The problem with “visionary” directors is that, in their zeal to fill the eyes with wonder at all times, they sometimes leave so many other elements lacking – little things like dialogue, acting, emotional truth. Such is often the case with Baz Luhrmann’s millennial musical Moulin Rouge. Somehow, though, the whole unwieldy contraption ends up proving as durable as its star-crossed young lovers story.
Luhrmann’s supreme confidence in his vision is evident from the film’s opening seconds. As did Tim Burton in “Batman,” David Fincher in “AlienÂ³” and Mr. McG in Charlie’s Angels, Luhrmann begins by playing with the studio trademark. A red curtain parts, revealing the Fox logo – it’s very 20th Century – as Alfred Newman’s fanfare is conducted by some tuxedoed spastic. Right away, you’re congratulating Luhrmann for his audacity, but also wondering if the whole production is going to be in this cheeky spirit.
With some notable exceptions, it is. But it’s worth your while to be patient.
For the first half-hour or so of Moulin Rouge, Luhrmann is acutely overconfident. And, for all the sensory blandishments, it’s not exactly a pretty sight. One might say that Luhrmann is intoxicated by his own filmmaking powers; one might also say that an evening spent with a loudmouthed drunk who laughs at his own jokes can be tiresome. Moulin Rouge is the rare film that ends up working almost in spite of its director.
After eloquently introducing the lovelorn character/narrator Christian (Ewan McGregor) as he pines away for his lost love, Luhrmann blasts us a year into the past, over a sumptuous pop-up book vista of Montmartre and into the fabled Moulin Rouge nightclub circa 1899. (The film’s digitized/miniaturized settings of fin de siècle Paris are miraculous, but the movie rarely pauses long enough to appreciate them.)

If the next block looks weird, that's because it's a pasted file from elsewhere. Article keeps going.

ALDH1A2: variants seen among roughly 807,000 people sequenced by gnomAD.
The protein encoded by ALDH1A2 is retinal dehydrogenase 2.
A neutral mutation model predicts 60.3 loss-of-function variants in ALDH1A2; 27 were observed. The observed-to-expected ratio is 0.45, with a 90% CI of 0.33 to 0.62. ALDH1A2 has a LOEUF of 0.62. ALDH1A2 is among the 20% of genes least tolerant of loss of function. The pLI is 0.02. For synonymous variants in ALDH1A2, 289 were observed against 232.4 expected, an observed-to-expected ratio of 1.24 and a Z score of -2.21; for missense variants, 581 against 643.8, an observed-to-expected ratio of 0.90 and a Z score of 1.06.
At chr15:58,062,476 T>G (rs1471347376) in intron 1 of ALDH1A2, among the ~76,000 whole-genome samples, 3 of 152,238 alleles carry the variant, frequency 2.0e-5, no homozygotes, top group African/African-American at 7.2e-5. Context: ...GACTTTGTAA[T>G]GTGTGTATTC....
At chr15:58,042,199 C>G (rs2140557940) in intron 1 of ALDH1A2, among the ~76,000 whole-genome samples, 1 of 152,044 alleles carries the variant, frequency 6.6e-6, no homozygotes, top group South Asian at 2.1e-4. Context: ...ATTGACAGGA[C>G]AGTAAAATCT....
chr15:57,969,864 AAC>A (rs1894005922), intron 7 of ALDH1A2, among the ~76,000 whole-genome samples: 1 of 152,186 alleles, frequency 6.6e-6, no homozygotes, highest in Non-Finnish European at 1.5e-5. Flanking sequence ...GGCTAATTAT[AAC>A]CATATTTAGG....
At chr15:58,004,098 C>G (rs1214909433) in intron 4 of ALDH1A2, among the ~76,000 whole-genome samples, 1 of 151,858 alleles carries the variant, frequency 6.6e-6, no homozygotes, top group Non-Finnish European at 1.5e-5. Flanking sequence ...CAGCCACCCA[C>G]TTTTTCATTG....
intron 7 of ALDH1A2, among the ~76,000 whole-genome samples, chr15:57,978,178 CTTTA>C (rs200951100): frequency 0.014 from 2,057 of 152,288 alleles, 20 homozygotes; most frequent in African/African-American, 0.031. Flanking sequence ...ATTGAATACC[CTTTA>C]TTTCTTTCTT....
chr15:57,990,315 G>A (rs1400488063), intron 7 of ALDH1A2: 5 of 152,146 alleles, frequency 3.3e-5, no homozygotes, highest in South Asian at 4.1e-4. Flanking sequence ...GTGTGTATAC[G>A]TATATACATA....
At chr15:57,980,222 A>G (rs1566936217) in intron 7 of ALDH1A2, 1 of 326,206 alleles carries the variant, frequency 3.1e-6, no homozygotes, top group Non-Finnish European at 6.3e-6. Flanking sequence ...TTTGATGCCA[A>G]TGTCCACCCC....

The film’s vaunted use of late-20th Century pop music kicks in almost instantly, a pounding techno assault. It plays well enough. What’s bothersome is the dismaying sight of the great Jim Broadbent (Mike Leigh’s “Life is Sweet,” “Secrets & Lies,” Topsy Turvy) as Zidler, the club’s manic impresario. Broadbent is plastered in makeup and mugs up a storm. The whole setup of the Moulin Rouge is an endless barrage of swirling skirts and kicking legs, but the image of Broadbent’s leering mug is not easily forgotten, and not for lack of trying. An actor this great deserves better.
Finally Luhrmann decides the scene has been well and truly set, so he re-introduces us to a younger, inexperienced Christian, a fresh-faced writer new to Paris. Soon enough Christian is noisily thrown in with a gang of rambunctious bohemians who regale him with plans to stage a show called “Spectacular Spectacular” – so spectacular, one presumes, they named it twice. These freaks have a ringleader in the person of Toulouse-Lautrec, the real Moulin Rouge‘s most famous denizen. (As the wee Lautrec, John Leguizamo does little but slurp absinthe and lisp annoyingly, often at the same time. Sometimes he dons a paint-spattered smock, but is never once seen painting. Generally speaking, he’s no José Ferrer.)
Moulin Rouge does get much better… but first it gets worse. The relentless, strenuous slapstick that ensues is frankly horrific to behold, Felliniesque in the worst sense of the word. Luhrmann directs these scenes like Fellini on crack and crank, mercilessly calling attention to his own cleverness, insistent that the audience is aware of his string-pulling at all times.
In other words, if you go to see Moulin Rouge for the romance, you’re going to have to sit tight. Luhrmann seems desperate to toss in a few cartoonish laffs before the tragic love story gets going. The trickster in him, however, seems to be daring you to simply walk out.
Then something genuinely amusing does occur, though: Lautrec persuades Christian to quaff a glass of his beloved absinthe. The Green Fairy herself magically materializes, embodied by Aussie pixie Kylie Minogue and voiced by – according to the credits – none other than Ozzy Osbourne. The only possible response is Yeah! Suddenly, Moulin Rouge has become what Luhrmann may have intended all along: the most luscious ad for absinthe ever filmed. If this film catches on, an underground boho scene soaked in the illicit green stuff will surely flourish.
Get the whole story and read PART TWO of SHOULD WE GET TO THE “MOULIN ROUGE”>>>